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Wednesday, April 24, 2013

Shot Blocking: Very Different When You're 5'6''

I played four years of basketball in High School, four years of intramural hoops in college, and regularly frequent local parks for pickup games. Reaching a soaring height of five feet, six inches, I have never been known for my shot blocking abilities. However, that doesn't mean I don't get the occasional swat at the rim. I just don't have the blocking talent of, say, Shaq, Dwight Howard, or the ever videogenic (it's about time someone made up that word) Dikembe Mutombo.

You may have seen Mr. Dikembe Mutombo Mpolondo Mukamba Jean-Jacques Wamutombo, as his friends call him, in a recent insurance commercial wherein he shows the joy he has for rejecting his opponents. This finger-wagging, 7'2'' center was an intimidating presence in the paint. Much unlike Mutombo, I am not a formidable foe against forwards flying to the hoop.

Throughout his NBA career, Mutombo had almost 3,300 blocks and I'm sure some variation of, "No no no! Not in my house!" was said or thought for each and every one of those. I, on the other hand, am able to pull off a block once in a blue moon. It's usually because I turn around and suddenly a guy is driving through the lane, so I stick my hand out and he happens to run the ball into my hand. When this rare feat happens, I definitely don't wag my finger or taunt my opponent. Usually this is the thought process going through my mind: "Teehee!" *:-D giddy school girl giggle* "Ouch, he really tweaked my arm there. Dang! I probably should have just let him score."

Alas, the game wasn't built for five and a half feet grown men to be swatting balls out of the air. Besides, when was the last time you saw Dikembe Mutombo do a crossover, penetrate the lane, and dish off the alley oop? Never! So, when I learn to do some of those moves, I will be better than him at one aspect of basketball! Until that day, it's park ball pickup games for me.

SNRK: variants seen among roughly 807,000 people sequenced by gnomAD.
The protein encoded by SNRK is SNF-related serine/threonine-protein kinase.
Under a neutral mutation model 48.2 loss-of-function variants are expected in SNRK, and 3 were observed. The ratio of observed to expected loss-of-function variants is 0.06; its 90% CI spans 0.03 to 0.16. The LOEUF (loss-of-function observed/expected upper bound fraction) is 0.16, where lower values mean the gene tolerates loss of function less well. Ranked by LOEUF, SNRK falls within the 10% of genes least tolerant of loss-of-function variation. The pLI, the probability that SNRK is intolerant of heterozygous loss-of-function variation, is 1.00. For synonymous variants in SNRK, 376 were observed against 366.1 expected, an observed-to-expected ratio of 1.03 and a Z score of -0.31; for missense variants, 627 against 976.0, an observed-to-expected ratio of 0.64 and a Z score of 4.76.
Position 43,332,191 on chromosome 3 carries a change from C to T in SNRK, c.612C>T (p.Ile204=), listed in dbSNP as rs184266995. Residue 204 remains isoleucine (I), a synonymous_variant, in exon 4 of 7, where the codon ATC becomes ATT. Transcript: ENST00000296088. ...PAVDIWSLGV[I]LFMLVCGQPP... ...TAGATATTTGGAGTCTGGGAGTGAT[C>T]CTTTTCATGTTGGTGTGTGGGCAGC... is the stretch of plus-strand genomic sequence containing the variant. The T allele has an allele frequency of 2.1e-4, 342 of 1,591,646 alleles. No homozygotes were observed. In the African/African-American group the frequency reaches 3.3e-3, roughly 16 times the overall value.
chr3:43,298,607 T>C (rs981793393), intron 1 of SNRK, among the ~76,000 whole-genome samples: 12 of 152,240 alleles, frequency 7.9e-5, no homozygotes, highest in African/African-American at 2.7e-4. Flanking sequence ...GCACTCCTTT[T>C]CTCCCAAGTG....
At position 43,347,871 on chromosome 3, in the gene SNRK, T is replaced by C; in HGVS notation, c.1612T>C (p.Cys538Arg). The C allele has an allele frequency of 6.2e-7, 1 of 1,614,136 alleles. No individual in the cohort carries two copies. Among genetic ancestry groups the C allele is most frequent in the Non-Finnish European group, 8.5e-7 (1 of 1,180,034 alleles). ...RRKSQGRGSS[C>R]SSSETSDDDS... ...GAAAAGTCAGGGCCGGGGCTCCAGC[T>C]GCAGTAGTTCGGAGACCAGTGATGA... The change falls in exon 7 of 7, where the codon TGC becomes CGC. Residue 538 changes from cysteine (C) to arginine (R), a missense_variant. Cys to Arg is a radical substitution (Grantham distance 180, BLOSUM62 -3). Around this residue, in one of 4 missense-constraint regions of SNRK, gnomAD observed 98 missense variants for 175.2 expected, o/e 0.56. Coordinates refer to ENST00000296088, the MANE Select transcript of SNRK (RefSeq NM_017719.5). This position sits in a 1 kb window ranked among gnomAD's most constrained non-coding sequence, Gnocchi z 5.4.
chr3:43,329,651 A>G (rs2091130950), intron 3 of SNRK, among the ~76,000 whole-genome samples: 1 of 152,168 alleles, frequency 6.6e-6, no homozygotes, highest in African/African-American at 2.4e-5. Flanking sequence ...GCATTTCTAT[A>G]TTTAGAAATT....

- Isaac M. Comelli (4/24/2013)

(Just to settle the debate, this is what would happen if Mutombo tried to come into MY house!)

Monday, April 15, 2013

Random Chance: Halfway Update

To update the progress on my randomly generated picks on ESPN's Streak for the Cash game, I bring you this picture which proves my monthly total to be 16-22. That means the "coin flip" has achieved a record of 16-13, a relatively expected total (just above 50%).

We are halfway through the month of April and the random numbers are proving to be much more average than I. Hopefully mediocrity follows it through the month.

(If you have no idea what I'm talking about, please see my earlier post)

- Isaac M. Comelli (4/15/2013)

Tuesday, April 9, 2013

Yesterday I Decided to Make My Own App

I'm not sure why. I'm not a computer programmer and know very little about programming for anything, let alone apps. But, I love math, I like computers, and the idea I had for an app was relatively simple and won't require much fancy artwork or doo-hickees.

My idea is this: to create a pseudorandom number generator app. Why? Because there aren't many out there and the one I'm currently using isn't amazing. I felt like I could do better.

So, I'm off on a treasure hunt without much of a map. I've started downloading all these app developer programs my friend who knows about these things suggested I get. Here's hoping it works out easier than I suspect it will be!

Let me know if you would want or use this app if it were available.

- Isaac M. Comelli (4/9/2013)

Wednesday, April 3, 2013

Random Chance

Some of you sports enthusiasts out there may be aware of the game on called Streak for the Cash. For those of you who haven't heard of it, it's a guessing game in which contestants try to pick results from sporting events throughout the day. If you guess correctly, your streak goes up by one. If you guess correctly five times in a row, your streak climbs to five (W5). If you guess incorrectly, your streak goes to negative one (L1) and you have to start over. At the end of every month, the person who compiles the longest win streak wins $50,000 in cold hard cash. But don't quit your day job just yet. This is no simple task. Habitually, the monthly winner has a preposterous streak of W20 or higher. I've been playing Streak for the Cash (or Streak, as I like to call it) since January 2010 and my best streak ever is a mere W10. But if you think you can win, give it a shot.